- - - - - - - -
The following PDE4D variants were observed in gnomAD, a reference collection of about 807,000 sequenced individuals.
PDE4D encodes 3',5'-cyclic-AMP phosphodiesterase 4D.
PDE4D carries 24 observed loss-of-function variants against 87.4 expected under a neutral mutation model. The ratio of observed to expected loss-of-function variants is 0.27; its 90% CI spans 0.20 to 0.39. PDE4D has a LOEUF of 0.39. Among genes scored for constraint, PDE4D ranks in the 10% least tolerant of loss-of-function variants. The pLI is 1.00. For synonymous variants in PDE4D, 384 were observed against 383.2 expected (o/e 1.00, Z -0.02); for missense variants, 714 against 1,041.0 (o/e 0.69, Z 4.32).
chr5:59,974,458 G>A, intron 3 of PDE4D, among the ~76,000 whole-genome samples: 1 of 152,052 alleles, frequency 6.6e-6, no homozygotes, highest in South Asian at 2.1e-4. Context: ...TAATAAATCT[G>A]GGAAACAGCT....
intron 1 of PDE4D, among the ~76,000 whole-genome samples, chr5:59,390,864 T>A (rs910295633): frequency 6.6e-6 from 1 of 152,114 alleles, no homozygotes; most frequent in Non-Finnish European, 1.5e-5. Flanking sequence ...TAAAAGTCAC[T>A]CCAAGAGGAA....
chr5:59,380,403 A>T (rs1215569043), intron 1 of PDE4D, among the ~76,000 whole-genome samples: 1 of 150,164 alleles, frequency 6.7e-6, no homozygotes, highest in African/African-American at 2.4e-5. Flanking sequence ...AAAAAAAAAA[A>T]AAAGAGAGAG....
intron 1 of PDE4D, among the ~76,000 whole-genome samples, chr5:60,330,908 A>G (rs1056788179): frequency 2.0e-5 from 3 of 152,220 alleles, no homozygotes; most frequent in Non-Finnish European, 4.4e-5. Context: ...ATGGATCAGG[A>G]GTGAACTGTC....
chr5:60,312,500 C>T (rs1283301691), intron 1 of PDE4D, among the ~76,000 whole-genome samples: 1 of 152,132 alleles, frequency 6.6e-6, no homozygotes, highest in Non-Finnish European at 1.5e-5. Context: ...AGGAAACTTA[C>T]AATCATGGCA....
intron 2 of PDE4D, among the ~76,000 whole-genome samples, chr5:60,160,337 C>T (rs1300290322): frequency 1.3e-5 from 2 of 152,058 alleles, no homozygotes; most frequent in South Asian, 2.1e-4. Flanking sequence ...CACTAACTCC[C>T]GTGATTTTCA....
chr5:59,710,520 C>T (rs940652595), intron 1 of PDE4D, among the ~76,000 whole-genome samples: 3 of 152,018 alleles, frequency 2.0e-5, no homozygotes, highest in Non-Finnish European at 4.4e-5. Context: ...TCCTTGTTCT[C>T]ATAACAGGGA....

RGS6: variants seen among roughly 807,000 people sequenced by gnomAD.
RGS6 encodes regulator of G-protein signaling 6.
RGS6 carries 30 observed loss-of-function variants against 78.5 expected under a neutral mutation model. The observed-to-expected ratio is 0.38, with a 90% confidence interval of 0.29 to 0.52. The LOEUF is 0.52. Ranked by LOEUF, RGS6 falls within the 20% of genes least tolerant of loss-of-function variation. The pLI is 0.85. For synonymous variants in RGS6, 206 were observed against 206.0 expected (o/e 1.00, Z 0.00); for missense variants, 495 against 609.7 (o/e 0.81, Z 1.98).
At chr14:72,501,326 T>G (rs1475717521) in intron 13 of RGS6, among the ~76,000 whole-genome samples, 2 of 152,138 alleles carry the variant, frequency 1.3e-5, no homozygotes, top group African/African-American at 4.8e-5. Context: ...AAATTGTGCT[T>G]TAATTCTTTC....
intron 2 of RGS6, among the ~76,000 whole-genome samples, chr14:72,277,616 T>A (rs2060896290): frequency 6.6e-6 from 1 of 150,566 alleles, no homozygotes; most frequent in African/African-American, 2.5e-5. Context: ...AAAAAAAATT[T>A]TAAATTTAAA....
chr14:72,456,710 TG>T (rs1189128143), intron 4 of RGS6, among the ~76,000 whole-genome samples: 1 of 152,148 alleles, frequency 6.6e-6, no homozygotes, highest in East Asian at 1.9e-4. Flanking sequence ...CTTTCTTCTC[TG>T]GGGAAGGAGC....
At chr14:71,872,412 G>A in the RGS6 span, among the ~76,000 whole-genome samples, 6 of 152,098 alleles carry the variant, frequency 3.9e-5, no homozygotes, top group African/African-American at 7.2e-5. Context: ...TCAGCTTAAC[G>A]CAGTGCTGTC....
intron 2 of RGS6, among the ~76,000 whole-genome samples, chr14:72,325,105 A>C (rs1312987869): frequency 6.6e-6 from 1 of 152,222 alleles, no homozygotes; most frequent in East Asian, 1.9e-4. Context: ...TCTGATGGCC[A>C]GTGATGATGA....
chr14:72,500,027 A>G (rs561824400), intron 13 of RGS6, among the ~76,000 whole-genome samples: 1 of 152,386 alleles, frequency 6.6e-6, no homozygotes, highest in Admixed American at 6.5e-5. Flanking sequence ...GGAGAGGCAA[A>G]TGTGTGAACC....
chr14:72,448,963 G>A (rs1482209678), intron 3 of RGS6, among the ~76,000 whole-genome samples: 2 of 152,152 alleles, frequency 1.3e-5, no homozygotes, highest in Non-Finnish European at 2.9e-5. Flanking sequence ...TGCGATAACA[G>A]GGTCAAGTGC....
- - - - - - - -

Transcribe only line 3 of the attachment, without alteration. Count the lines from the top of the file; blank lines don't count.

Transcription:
PDE4D carries 24 observed loss-of-function variants against 87.4 expected under a neutral mutation model. The ratio of observed to expected loss-of-function variants is 0.27; its 90% CI spans 0.20 to 0.39. PDE4D has a LOEUF of 0.39. Among genes scored for constraint, PDE4D ranks in the 10% least tolerant of loss-of-function variants. The pLI is 1.00. For synonymous variants in PDE4D, 384 were observed against 383.2 expected (o/e 1.00, Z -0.02); for missense variants, 714 against 1,041.0 (o/e 0.69, Z 4.32).